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EXPERIENCING HUMANITY
PROF. AMIT BAUMEL'S BLOG

  • Amit Baumel

Picking fruits from a tree could help overcoming depression, but...



I had the privilege of meeting Eyal (in the photo below left to me) during a visit to the organic farm in Hiram – a rehabilitation center for young people in emotional crisis (1). Eyal reminds everyone in simple words of the inseparable connection between our mental well-being, the environment, and the community.


Eyal says: "After picking the fruits from one tree, some individuals no longer have the strength to keep picking fruits, they want to stop. But there are more fruits to pick from many other trees, otherwise the fruits will rot and be wasted. So they find the strength, and it also restores their functionality. This is an important part of the recovery."


People come to Hiram because they suffered from acute mental distress. The organic farm provides an environment for agricultural work as part of their rehabilitation process. The produce is sold to the public. Eyal and the staff design a healing space that allows people to strengthen themselves and reconnect with their surroundings. Along the way, they also prepare nourishing food or some super fresh organic juice for themselves. They breathe in the world.



This environment needs to be specifically designed because it does not naturally exist for most people, at least in the modern era.


Let's say you fall into depression, that's quite possible, right? More than one-fifth of the people in the world will experience depression as a mental illness at some point in their lives (2). Nowadays, it is known that a central component in the treatment of depression is behavioral – the ability of a person to gradually return to activities, preferably those that make them feel good. In the professional jargon, this is called Behavioral Activation (3). After all, someone who is depressed has actually lost the desire, energy, to act in the world. It is difficult, if not impossible, to get out of bed. This desire, to stay in bed, creates a vicious cycle that leads to feeling even more depressed.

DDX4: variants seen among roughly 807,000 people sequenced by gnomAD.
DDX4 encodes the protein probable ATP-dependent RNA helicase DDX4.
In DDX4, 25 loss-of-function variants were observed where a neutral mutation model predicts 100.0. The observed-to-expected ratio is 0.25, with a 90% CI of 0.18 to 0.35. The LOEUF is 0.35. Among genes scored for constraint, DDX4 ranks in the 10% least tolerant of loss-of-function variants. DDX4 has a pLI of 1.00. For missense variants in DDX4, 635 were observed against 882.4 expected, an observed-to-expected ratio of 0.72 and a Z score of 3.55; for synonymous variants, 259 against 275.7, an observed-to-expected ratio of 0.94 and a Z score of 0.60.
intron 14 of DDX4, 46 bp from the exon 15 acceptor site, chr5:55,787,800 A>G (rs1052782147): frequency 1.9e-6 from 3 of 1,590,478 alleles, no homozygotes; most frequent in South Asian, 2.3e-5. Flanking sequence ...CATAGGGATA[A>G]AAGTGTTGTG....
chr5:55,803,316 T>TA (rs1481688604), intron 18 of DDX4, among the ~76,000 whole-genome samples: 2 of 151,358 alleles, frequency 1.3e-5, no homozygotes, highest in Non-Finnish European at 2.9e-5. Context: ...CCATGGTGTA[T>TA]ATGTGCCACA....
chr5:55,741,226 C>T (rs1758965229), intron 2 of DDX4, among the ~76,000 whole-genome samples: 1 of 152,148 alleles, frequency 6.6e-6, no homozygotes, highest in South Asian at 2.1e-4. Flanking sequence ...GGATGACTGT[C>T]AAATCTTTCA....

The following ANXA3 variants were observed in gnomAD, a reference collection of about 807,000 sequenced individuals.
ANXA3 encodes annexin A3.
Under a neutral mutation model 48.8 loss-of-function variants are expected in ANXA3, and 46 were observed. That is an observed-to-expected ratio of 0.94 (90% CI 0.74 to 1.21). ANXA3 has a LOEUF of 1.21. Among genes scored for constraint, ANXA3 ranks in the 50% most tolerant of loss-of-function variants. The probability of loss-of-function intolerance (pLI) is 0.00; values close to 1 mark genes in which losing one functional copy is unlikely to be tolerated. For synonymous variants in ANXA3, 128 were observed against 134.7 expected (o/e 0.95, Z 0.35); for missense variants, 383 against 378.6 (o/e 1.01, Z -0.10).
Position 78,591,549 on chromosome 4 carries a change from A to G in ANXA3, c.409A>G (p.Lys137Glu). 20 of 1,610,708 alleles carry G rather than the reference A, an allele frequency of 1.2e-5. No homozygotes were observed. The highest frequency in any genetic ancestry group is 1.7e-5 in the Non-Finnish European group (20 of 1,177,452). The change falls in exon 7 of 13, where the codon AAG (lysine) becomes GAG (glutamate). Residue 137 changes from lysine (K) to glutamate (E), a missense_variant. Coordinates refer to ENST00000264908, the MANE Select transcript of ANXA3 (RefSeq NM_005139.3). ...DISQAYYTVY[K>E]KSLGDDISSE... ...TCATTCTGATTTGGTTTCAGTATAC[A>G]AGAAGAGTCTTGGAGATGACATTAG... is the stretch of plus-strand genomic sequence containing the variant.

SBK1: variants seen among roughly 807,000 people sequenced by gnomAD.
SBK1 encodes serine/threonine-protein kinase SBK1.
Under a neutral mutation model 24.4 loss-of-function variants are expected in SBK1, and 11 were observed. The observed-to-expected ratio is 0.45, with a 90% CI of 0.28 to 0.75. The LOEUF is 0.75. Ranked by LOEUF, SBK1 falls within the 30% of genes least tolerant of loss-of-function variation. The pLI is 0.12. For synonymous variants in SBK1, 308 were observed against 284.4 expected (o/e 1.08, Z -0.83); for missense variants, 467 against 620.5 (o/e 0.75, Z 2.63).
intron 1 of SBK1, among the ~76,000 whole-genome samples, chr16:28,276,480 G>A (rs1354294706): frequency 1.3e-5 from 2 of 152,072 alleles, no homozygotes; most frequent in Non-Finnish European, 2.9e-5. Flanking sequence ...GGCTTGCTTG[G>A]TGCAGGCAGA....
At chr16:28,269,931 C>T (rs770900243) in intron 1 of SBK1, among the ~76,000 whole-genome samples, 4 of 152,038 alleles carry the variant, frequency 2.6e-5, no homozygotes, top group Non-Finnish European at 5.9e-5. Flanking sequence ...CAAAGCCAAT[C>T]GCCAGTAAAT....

If you live in a tribe or community, as humans have been programmed to live for tens of thousands of years of evolution, engaging in productive activity is ingrained in you.


As Eyal explains, when you work as a group towards important goals for your survival, and the need is right in front of you (in this case, fruit that will otherwise go to waste), it is easier for you to return to activity – you simply have to. Therefore, as part of the rehabilitation effort, the farm provides people with motivation that is less present in their natural environment.


This story illustrates how, more than anything, we are programmed to live in a community of people with whom we live and sustain ourselves. In such a community, when we fall, there is someone right next to us reaching out, comforting, and helping us to act. The community is built to create interdependence between people who need each other and contribute to each other, and this interdependence is healthy for the soul. It is our natural inclination.


Ironically, in an urban society, crowded with people, this sense of community is not necessarily present. We don't even know our neighbors very well. Humans have been liberated from dependence on people they didn't choose to be dependent on, and that's an advantage. But humans have also been liberated from the social ingredients that can lift them up in difficult times and help them feel happy in better times.


For this reason we need angels like Eyal and the entire team at Hiram. Those who persevere, sacrifice, and contribute in order to build and create a communal space where these processes can naturally occur.


Be well.


 

References

1. https://hiram.org.il/en/ Accessed on June 26 2023

2. Shorey, S., Ng, E. D., & Wong, C. H. (2022). Global prevalence of depression and elevated depressive symptoms among adolescents: A systematic review and meta‐analysis. British Journal of Clinical Psychology, 61(2), 287-305.

3. Stein, A. T., Carl, E., Cuijpers, P., Karyotaki, E., & Smits, J. A. (2021). Looking beyond depression: A meta-analysis of the effect of behavioral activation on depression, anxiety, and activation. Psychological Medicine, 51(9), 1491-1504.

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